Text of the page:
Not since a desperate Julia Gillard announced the date of the 2013 election eight months in advance, has a government so brazenly telegraphed its strategy.
Scott Morrison’s announcement of an early budget on April 2 next year, followed by a rush to the polls means the federal election will be held on either May 11 or May 18.
That the government chose to surrender what element of surprise it had left by locking in the timetable, underscores the desperation of its plight.
It could have left everyone guessing for a few months longer by eschewing a budget, normally held in May, and instead releasing an economic statement at a time of its choosing and then calling the election, as Labor did in 2013. This would leave it with an option of going earlier, in March.
An economic statement is effectively a mini-budget. Like a real budget, it would provide the latest forecasts, enabling Morrison and Treasurer Josh Frydenberg to boast of an early return to surplus in 2019-20, and, like the budget, it could be used to unveil a range of big spending election bribes.
But so big is its task to be re-elected, the government is relying not just on the numbers to save it, but the ceremony.
As one government source explained, the hoopla and theatre that accompanies a federal budget would ensure the last thing the voters heard before an election was called was how good the economy was going and how much they were going to get.
There are several cautionary notes here.
For starters, Malcolm Turnbull and Morrison rushed to an election in 2016 on the back of an early and untested budget. Its curbs on superannuation tax lurks backfired and plagued it for the entire arduous eight-week election campaign with no opportunity to correct course.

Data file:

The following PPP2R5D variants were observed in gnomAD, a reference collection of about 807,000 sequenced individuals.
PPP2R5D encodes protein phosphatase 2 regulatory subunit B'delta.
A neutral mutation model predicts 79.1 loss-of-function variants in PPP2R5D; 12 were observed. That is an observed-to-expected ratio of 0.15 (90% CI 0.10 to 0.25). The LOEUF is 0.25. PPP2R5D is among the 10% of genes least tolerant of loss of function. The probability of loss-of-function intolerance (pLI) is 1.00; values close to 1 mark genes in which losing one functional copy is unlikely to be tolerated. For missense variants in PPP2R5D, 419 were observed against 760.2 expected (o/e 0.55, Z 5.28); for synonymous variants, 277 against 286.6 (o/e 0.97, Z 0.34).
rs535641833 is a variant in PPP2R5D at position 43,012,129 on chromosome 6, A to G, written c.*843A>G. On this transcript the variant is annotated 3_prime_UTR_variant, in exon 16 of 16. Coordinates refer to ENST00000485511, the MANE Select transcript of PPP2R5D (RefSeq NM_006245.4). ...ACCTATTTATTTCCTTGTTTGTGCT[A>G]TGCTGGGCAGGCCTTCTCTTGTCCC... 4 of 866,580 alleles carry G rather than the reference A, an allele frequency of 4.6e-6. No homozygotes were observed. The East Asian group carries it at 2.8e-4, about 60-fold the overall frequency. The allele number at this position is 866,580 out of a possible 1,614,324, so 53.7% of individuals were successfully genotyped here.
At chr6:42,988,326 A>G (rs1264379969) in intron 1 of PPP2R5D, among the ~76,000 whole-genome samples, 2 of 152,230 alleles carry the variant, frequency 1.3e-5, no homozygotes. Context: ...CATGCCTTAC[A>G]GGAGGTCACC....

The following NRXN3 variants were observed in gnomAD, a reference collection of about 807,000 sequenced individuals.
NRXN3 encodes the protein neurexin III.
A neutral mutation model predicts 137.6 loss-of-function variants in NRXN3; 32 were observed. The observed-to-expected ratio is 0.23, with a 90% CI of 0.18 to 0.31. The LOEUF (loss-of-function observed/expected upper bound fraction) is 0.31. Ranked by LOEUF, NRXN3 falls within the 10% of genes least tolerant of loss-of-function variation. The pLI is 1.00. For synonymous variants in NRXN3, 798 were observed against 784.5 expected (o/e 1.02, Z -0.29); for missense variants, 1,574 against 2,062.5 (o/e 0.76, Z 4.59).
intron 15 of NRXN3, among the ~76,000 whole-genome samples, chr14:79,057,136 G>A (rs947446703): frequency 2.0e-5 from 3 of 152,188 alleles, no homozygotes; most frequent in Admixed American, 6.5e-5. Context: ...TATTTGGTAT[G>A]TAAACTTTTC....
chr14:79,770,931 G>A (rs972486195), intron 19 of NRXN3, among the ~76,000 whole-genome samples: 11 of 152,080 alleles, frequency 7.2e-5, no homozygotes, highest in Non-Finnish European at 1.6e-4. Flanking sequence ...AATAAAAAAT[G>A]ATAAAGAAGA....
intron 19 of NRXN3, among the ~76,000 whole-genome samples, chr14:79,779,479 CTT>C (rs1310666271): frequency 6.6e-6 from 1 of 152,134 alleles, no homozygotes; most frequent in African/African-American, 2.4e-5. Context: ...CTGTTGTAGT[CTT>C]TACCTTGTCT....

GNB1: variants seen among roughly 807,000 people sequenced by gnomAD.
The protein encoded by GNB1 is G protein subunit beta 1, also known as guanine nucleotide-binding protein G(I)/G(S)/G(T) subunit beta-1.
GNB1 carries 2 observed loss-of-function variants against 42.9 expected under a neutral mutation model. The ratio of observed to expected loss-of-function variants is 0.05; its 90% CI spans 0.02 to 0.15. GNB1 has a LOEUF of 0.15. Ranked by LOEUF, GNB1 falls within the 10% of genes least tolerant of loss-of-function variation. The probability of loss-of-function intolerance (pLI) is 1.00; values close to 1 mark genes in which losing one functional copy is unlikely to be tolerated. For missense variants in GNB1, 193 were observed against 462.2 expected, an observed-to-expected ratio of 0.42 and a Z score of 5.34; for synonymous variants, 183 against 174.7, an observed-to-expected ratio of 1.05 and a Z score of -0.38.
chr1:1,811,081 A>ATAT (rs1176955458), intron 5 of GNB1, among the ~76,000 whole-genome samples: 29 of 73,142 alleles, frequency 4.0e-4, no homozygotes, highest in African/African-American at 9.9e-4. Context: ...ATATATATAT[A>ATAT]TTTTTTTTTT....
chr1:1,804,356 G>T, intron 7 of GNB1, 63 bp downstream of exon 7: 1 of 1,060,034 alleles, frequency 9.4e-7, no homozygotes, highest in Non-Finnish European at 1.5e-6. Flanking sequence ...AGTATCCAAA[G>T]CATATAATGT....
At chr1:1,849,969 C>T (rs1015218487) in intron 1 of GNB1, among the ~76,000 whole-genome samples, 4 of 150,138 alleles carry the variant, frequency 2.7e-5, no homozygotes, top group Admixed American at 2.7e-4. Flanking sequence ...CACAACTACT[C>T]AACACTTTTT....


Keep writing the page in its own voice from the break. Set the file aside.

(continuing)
Secondly, by having a formal budget, Bill Shorten gets his address-in-reply two days later on the Thursday night of budget week.
He not only gets the last word, every extra dollar the government unveils in the budget will also belong to Labor should it win government. If Morrison announces extra tax cuts, Labor can match them. It can even better them, given it proposes to raise another $280 billion in taxes over 10 years.
The biggest question mark over the whole strategy unveiled Tuesday is will the government even make it to May and, if it does, what sort of shape will it be in by then.
The budget announcement was supposed get everything back on track after the Victorian election debacle went through the federal Liberals like a dose of the salts.
Julie Bishop had broken ranks on climate change – and did so again on Tuesday – and Kelly O’Dwyer had told fellow Victorians the party had an image of being “homophobic, anti-women, climate-change deniers” thanks to the “ideological warriors” who had hijacked the party’s positions on social issues.
Morrison was in the process of trying to draw a line under Victoria when Julia Banks, at the very moment the Prime Minister was speaking, quit the Liberal party to join the crossbench and further weakened the Coalition’s hold on power. As he boasted of an early surplus, she increased his parliamentary deficit.
Banks cited her belief that the party treated women poorly and, like other Victorians, noted the creeping influence of “the reactionary and regressive right wing who talk about and talk to themselves, rather than listening to the people”.
And then, in the Senate, just to reinforce the perception, Nationals Senator Barry O’Sullivan made an alleged “appalling sexist slur” against the Greens’ Sarah Hanson-Young.
Morrison’s grand plan to surge to victory in May on the back of superior economic management assumes – requires – this nonsense will stop.
It shows no sign of doing so. Discipline is collapsing and nothing is breaking its way.
If this mob had a duck, it would drown.
Good economy or not, no-one will re-elect a laughing stock.